The Hays Daily News from Hays, Kansas on June 25, 2006 · Page 9
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The Hays Daily News from Hays, Kansas · Page 9

Hays, Kansas
Issue Date:
Sunday, June 25, 2006
Page 9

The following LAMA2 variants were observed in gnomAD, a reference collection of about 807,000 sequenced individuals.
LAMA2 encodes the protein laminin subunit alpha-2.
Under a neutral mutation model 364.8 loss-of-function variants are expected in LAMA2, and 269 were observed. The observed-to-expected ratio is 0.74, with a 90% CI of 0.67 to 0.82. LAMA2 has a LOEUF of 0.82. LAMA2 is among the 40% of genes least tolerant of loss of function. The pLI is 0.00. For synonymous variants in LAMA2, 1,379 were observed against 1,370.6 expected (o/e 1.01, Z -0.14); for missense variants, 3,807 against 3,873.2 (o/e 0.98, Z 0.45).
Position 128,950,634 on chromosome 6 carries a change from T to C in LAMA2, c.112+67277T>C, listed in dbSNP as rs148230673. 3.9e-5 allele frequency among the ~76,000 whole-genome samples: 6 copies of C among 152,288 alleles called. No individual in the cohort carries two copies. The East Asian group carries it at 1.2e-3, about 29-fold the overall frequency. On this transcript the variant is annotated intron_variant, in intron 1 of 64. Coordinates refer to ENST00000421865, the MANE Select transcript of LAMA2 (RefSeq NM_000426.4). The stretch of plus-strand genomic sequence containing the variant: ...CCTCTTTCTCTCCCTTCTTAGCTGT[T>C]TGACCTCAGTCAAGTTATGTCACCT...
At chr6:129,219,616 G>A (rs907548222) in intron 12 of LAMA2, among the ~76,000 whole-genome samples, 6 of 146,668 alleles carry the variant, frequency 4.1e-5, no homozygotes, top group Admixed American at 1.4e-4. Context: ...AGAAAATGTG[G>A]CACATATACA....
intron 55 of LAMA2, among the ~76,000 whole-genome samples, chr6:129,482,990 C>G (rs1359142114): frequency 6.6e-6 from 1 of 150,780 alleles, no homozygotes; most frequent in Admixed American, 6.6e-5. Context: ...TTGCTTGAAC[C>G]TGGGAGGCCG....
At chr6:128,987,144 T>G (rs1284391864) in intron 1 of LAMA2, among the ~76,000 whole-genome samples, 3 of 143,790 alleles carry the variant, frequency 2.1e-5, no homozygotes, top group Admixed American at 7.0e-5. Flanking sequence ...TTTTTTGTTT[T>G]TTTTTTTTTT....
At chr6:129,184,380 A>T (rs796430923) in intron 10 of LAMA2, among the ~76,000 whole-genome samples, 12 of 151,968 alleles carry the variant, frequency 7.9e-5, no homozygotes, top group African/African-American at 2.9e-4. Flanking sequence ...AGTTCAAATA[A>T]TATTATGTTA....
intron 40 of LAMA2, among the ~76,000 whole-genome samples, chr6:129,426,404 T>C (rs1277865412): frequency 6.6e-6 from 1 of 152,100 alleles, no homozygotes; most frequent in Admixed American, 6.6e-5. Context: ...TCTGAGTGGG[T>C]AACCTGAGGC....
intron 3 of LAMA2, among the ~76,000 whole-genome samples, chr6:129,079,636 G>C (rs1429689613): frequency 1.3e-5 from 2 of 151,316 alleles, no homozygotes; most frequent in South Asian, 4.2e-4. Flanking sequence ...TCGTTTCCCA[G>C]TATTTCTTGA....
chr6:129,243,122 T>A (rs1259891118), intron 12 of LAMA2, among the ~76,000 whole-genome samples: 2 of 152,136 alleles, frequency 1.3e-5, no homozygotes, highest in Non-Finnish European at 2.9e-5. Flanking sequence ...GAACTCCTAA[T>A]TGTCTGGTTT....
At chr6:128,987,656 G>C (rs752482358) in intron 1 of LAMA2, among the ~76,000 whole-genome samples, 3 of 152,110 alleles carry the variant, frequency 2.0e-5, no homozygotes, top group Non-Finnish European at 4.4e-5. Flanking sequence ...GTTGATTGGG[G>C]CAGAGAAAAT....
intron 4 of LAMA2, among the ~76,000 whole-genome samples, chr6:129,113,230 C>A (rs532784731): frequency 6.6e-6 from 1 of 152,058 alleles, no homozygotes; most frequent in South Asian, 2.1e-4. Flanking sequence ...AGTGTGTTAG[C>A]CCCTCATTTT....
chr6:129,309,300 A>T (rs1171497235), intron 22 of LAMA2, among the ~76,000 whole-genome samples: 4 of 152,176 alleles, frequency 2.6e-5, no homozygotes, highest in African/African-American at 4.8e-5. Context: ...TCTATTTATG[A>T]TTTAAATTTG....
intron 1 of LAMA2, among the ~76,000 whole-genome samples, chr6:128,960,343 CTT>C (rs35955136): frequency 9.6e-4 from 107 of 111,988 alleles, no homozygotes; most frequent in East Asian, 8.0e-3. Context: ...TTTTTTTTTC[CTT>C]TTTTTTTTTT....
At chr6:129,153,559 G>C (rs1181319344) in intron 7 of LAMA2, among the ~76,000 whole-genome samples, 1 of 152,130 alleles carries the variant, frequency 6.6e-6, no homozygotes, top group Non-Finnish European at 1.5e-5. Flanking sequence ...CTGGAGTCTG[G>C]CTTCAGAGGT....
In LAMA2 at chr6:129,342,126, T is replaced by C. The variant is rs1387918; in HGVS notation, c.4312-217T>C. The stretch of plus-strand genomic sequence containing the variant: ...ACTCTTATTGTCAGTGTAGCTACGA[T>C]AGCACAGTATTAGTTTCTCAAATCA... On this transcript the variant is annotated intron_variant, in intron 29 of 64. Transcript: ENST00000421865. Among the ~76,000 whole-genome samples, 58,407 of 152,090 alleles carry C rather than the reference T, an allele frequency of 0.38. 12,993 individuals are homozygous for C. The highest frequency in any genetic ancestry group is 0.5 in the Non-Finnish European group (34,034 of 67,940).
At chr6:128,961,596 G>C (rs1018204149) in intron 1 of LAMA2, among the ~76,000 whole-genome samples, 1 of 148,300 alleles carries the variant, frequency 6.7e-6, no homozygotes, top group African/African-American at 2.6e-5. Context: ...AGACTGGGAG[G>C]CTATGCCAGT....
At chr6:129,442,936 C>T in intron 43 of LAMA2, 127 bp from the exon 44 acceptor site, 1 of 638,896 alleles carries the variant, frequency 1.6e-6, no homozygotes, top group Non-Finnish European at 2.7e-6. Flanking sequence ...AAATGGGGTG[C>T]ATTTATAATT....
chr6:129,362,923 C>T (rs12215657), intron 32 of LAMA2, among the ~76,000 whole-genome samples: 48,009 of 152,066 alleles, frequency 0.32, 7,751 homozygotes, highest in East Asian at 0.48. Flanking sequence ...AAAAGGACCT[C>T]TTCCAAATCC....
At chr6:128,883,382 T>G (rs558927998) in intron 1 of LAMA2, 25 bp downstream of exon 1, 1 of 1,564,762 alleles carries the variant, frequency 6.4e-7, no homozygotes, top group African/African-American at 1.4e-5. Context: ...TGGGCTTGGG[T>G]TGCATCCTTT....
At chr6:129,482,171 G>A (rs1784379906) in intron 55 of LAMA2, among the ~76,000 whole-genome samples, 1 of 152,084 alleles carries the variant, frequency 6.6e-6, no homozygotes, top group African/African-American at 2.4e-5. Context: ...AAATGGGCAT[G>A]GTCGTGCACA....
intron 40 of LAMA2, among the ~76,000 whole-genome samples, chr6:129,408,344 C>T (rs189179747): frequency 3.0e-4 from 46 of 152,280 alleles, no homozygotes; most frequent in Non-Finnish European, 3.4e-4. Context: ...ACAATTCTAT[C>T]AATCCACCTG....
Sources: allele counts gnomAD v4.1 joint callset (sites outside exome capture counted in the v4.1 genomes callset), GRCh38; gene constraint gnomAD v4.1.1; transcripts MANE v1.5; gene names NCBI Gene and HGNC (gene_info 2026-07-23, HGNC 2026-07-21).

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SUNDAY, JUNE 25,2006 UUItt feHiAUMMlU HMIInKIBll THEM LY NEWS A9 detail requests Sailors' data found on Internet By JOHN SOLOMON ASSOCIATED PRESS WASHINGTON (AP) - Wanted: Pace time with President George Bush or top adviser Karl Rove. Suggested donation: $100,000. The middleman: lobbyist Jack Abramoff. Blunt e-mails that connect money and access in Washington show that prominent Republican activist Grover Norquist facilitated some administration contacts for Abramoff's clients while the lobbyist simultaneously solicited those clients for large donations to Norquist's tax-exempt group. Those who were solicited or landed administration introductions included foreign figures and American Indian tribes, according to e-mails gathered by Senate investigators and federal prosecutors or obtained independently by The Associated Press. "Can the tribes contribute $100,000 for the effort to bring state legislatures and those tribal leaders who have passed Bush resolutions to Washington?" Norquist wrote Abramoff in one such e-mail in July 2002. "When I have funding, I will ask Karl Rove for a date with the president. Karl has already said 'yes' in principle and knows you Transportation Sec. resigns, citing'time to move on' WASHINGTON (AP) — Transportation Secretary Norman Mineta, who helped rebuild confidence in U.S. airports and flying after the Sept. 11,2001, attacks, said Friday he's leaving the Bush administration. "It is time for me to move on to other challenges," Mineta said in a letter to President George Bush. White House press secretary Tony Snow announced the July 7 resignation. Asked why Mineta, 74, decided to leave, Snow said: Jack Abramoff leaves Federal Court Jan. 3 in Washington. organized this last time and hope to this year," Norquist wrote in the e-mail. A Senate committee that investigated Abramoff previously aired evidence showing Bush met briefly in 2001 at the White House with some of Abramoff's tribal clients after they donated money to Norquist's group. The 2002 e-mail about a second White House meeting and donations, however, was not disclosed. The AP obtained the text from people with access to Briefs "Because he wanted to." "He was not being pushed out," Snow said. "As a matter of fact, the president and the vice president and others were happy with him. He put in five and a half years — that's enough time." Bush said Mineta — the only Democrat in his Cabinet — played a vital leadership role in strengthening the security of seaports and airports. Regulation of Chinese trade requires own federal office WASHINGTON (AP) — A new the document. The tribes got to meet Bush at the White House in 2002 again and then donated to Norquist's Americans for Tax Reform, or ATR. Though Norquist's own e-mail connects the $100,000 donation and the White House visit, ATR spokesman John Kartch said Norquist never offered to arrange meetings in exchange for money. Instead, Norquist simply wanted Abramoff's tribes to help pay for a conference where lawmakers and tribal leaders passed resolutions supporting the Bush agenda, ultimately securing a brief encounter with Bush, Kartch said. "No one from Americans for Tax Reform ever assisted Jack Abramoff in getting meetings or introductions with the White House or congressional leaders in exchange for contributions," Kartch said, suggesting some of the e-mails might be misleading. "If you look at some of Abramoff's e-mails to third parties, they might be misread to suggest that he was misrepresenting or confusing support for a project with a specific meeting," Kartch said. "This could have been deliberate or just unclear." federal office is being set up solely to concentrate on making sure that China lives up to its trade obligations. The plan, announced by new U.S. Trade Representative Susan Swab on Friday, reflects growing impatience in Congress with Beijing's slow pace in correcting practices regarded as illegal or unfair. Schwab also is establishing a new intellectual property office. China has been cited by the administration as a chief source of intellectual property piracy that costs U.S. businesses billions of dollars in losses every year. Today is Sunday, June 25, the 176th day of 2006. There are 189 days left in the year. Today in History By The Associated Press Today's Highlight in History: injured hundreds at a U.S. military housing complex in Saudi Arabia. ! ' On June 25,1906, in what was then called "The Crime of the Century," architect and socialite Stanford White Five years ago: The United Nations opened jts first global gathering on HIV/AIDS with emotional pleas for help from African leaders. Pope John Paul II, on a visit to Ukraine, offered a prayer for Holocaust victims at the was shot to death atop New York's Madison Square S abl Yan „ ... Garden, which he had designed, by millionaire Harry K. One yew a ^ o: Hardline Tehran Thaw, the jealous husband of artist's model and chorus girl Evelyn Nesbit, who'd once had an affair with White. (Thaw, tried for murder, was acquitted by reason of insanity.) On this date: In 1876, Lt. Col. George A. Custer and his 7th Cavalry were wiped out by Sioux and Cheyenne Indians in the Battle of the Little Bighorn in Montana. In 1950, war broke out in Korea as forces from the communist North.invaded the South. In 1951, the first commercial color telecast took place as CBS transmitted a one-hour special from New York to four other cities. In 1%7, the Beatles performed their new song, "All You Need Is Love," during a live international telecast. In 1995, Warren Burger, the 15th chief justice of the United States, died in Washington at age 87. Ten years ago: A truck bomb killed 19 Americans and Mayor winner Mahmoud of Iran's Ahmadinejad was declared presidential runoff election. Today's Birthdays: Actress June Lockhart is 81. Singer Carly Simon is 61. Rock musician Allen Lanier (Blue Oyster Cult) is 60. Actor-comedian Jimmie Walker is 59. Actor- director Michael Lembcck is 58. Rock musician David Paich (Toto) is 52. Rock singer George Michael is 43. Musician Sean Kelly is 35. Rock musician Mario Calire is 32. Actress Linda Cardellini is 31. Thought for Today: "No idea is so antiquated that it was not once modern. No idea is so modern that it will not some day be antiquated... To seize the flying thought before it escapes us is our only touch with reality." - Ellen Glasgow, American author (1874-1945). Newspapers in Education Sponsored By: Newspaper Activity On this day in 1951, the first color TV program was broadcast. Now, 55 years later, what is the latest in television technology? . RURAL TELEPHONE By law, cigarettes and tobacco products may be sold only to persons 18 years of age and older. Thank You for doing tho right thing by refusing to soil tobacco to minors, This information is provided by It's Everybody's Business, a coalition of state agencies and community organizations. For more information, call 800.206.7231. Visit online at: I WASHINGTON (AP) — The Navy has begun a criminal investigation after Social Security numbers and other personal data for 28,000 sailors and family members were found on a civilian Web site. The Navy said Friday the information was in five documents and included people's names, birth dates and Social Security numbers. Navy spokesman Lt. Justin Cole would not identify the Web site or its owner but said the information had been removed. He would not provide any details about how the information ended up on the site. Cole said there was no indication so far that the information was used illegally, but individuals involved were being contacted and encouraged to monitor their bank accounts and credit cards. Meanwhile, the General Accountability Office said it removed archival records from its Web site this week containing some personal identifying information of fewer than 1,000 government workers. The data included some individual names and Social Security numbers. The breach regarding the Navy comes amid a rash of government computer data thefts, including one at the Agriculture Department earlier this week in which a hacker might have ob- tained names, Social Security numbers and photos of 26.000 Washington-area employees and contractors. As many as 26.5 million veterans and current military troops might have been affected by the theft of a laptop computer containing their Social Security numbers and birth dates. The computer was taken from the home of a Veterans Affairs Department employee in early May. and officials waited nearly Hirer weeks before notifying veterans May 22 of the theft. As many as a half dozen fed eral agencies have been affected by computer data losses in recent months. Senate sanctions Palestinian Authority WASHINGTON (AP) — The Senate voted Friday to block U.S. aid to the Hamas-led Palestinian government and ban contacts with Hamas until the organization renounces violence and recognizes Israel's right to exist. The legislation, approved by voice vote, is similar to a bill the House passed last month but would give the president greater authority over the use of sanctions and is-not as restrictive in cutting off assistance to non-governmental groups working in the West Bank and Gaza. The differences between the bills would have to be reconciled by House and Senate conferees before the legislation could be sent to the president. The State Department had voiced concerns about the House bill, saying it was unneeded and constrains the president's flexi- bility in using sanctions. The administration classifies Hamas as a terrorist organization and has already cut off aid to the Palestinian Authority, under Hamas •control since January elections. Sen. Mitch McConnell, R-Ky, sponsor of the Senate bill with Sen. Joseph Biden, D-Del., said it was aimed at the Hamas-controlled government and not meant to punish the Palestinian people. "This legislation urges the current Palestinian government to take another step toward joining the community of peaceful nations and a step away from the ranks of terrorism." The bill bans aid to the Palestinian Authority until it acknowledges Israel's right to exist, renounces violence and accepts past peace agreements with Israel. Exceptions are made to pro- vide financial support for Pales- ,tinian President Mahmoucl Abbas, who has committed to a negotiated two-state solution with Israel. Like the House bill, it would deny visas to Hamas-affiliated Palestinian Authority officials, put travel restrictions on Palestinian Authority officials at the United Nations and bar the Authority from opening an office in the United States. It would limit aid to nongovernmental organizations, but go further than the House bill in making exceptions for basic needs such as food, water, health, medicine, sanitation and education. It also would create a $20 million "peace, reconciliation and democracy fund" to promote peace between Israel and the Palestinians. Free checking? Hey, I could use free everything. Need to make every penny count? Then come to Commerce. We'll give you More Than Free Checking. More Than Free Checking • Free Online Account Access • Free Online Bill Pay • Free checks • Free Commerce Cold Visa* Check Card • Free Commerce ATMs, with three free per month at other ATMs* Get the one checking account that gives you more of everything without any of the fees. And here's the clincher. When you sign up now, you could earn up to $100 In Incentives.** So don't wait. At Commerce we'll help you get more free and more of what's best for you. That's ask listen solve. Commerce 785-625-6542